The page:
So give encouragement to each other, and keep strengthening one another as you do already.
1 Thessalonians 5: 11
Paul tells the members of the Church of Thessaloniki that they are children of light and so “must not go on sleeping, as everyone else does, but stay wide awake and sober.” (vs. 5-6) Being children of light is not a permanent state but rather a call to a way of being and living. It is, in short, a work.
Paul goes on to suggest that this “work” is one in which we need each other. We must live with and relate to each other in such a way as to encourage and strengthen what is of “the light” in us. Theodore James Ryken envisaged the community he was founding as “a band of brothers (and sisters) who mutually help, encourage, and edify one another and who work together.” His vision of what would be required of those whom he sent to the American mission was not a sentimental one. He realized that the wilderness America of his time would swallow up the physical and spiritual resources of any individual, and that the society’s strong pulsations toward autonomy and independence would be extremely difficult for a single individual to withstand. He realized that it was only in a community whose members would consistently challenge, encourage, and edify each other that his brothers could bring the light of Christ to their situations.
Reinhold Niebuhr pointed out that the difference between the children of darkness and the children of light is that the children of darkness recognize “the power of self interest” while the children of light know the truth of a “higher law” but don’t realize “the power of self-will.” The children of darkness, in short, know how to use human self-interest in service of their own ambitions. And far too often, the children of light are used because they do not recognize appeals to what is dark in themselves, to their own self-interest. In 1 Corinthians 1:18, Paul writes that the cross is “the power of God to us who are being saved.” We are not saved into a static state of blessedness, but are rather always “being saved.” What we are being saved from is the hell of self-interest and self-absorption that always continues to threaten us. As fallen, human beings will always be prey to what Niebuhr terms “the power of self will.”
This is where community comes in. For St. Benedict, the monastic community was the “school for the service of God.” We learn to serve God rather than ourselves in the day to day, moment to moment challenge of living with and caring for others. Paul fully understands that “the light” will continue to shine in the church of Thessaloniki only if its members continue to encourage and strengthen each other in what is of God in them. This encouragement implies that they must also challenge and counter what is of self-will and self-interest in each other. To evade the difficulties of life together in an attempt to find a a conflict-free existence is to give free reign to self-will in one’s personality. Today, may we recognize that the moments of disruption, aggravation and conflict which others evoke in us are opportunities to recognize the hold of self-will over us. May we, further, encourage each other to abandon our selfishness that the light of the Lord within and among us may radiate more fully in our lives and to the world.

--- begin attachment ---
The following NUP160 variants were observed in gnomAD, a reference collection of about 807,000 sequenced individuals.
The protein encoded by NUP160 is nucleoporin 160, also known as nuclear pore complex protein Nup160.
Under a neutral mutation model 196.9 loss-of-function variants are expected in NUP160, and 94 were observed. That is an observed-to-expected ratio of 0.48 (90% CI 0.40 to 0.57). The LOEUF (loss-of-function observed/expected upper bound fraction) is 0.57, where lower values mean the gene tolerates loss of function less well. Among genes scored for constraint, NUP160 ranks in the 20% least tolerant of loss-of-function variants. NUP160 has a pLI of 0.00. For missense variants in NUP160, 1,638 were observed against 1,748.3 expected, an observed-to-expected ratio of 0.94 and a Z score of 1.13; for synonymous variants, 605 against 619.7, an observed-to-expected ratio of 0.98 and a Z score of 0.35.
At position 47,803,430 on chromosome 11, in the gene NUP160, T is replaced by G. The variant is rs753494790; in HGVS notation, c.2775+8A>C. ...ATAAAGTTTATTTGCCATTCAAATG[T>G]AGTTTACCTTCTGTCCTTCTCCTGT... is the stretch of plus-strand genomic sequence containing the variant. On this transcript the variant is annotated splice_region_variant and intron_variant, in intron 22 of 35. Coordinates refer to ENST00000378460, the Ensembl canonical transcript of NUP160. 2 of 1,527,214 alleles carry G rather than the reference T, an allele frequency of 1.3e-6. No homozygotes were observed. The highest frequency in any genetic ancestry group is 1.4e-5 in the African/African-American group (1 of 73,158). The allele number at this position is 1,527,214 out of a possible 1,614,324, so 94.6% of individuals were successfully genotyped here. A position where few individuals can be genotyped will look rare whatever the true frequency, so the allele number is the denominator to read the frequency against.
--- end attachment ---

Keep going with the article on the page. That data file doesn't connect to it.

According to the scripture, “the children of this world are in their generation wiser than the children of light.” This observation fits the modern situation. Our democratic civilization has been built, not by children of darkness but by foolish children of light. It has been under attack by the children of darkness, by the moral cynics, who declare that a strong nation need acknowledge no law beyond its strength. It has come close to complete disaster under this attack, not because it accepted the same creed as the cynics; but because it underestimated the power of self-interest, both individual and collective, in modern society. The children of light have not been as wise as the children of darkness.
The children of darkness are evil because they know no law beyond the self. They “are wise, though evil, because they understand the power of self-interest. The children of light are virtuous because they have some conception of a higher law than their own will. They are usually foolish because they do not know the power of self-will. They underestimate the peril of anarchy in both the national and the international community. Modern democratic civilization is, in short, sentimental rather than cynical. It has an easy solution for the problem of anarchy and chaos on both the national and the international level of community, because of its fatuous and superficial view of the human person. It does not know that the same person who is ostensibly devoted to the “common good” may have desires and ambitions, hopes and fears, which set one at variance with one’s neighbor.
It must be understood that the children of light are foolish not merely because they underestimate the power of self-interest among the children of darkness. They underestimate this power among themselves.
Reinhold Niebuhr, The Children of Light and the Children of Darkness
We are children of day and the light, not of darkness nor the night. But without attentiveness to the light, without each day actively striving to discern God in my life, I can find the darkness rather attractive. Self-will and self-interest are strong attractors. The God who is not seen can at times play second fiddle to the immediate satisfaction on offer on the “dark side.” There are so many warnings in scripture about, as St. Paul says, staying awake and sober, or about the need for prayer and fasting. And yet there are also times when the work involved in all that seems too demanding.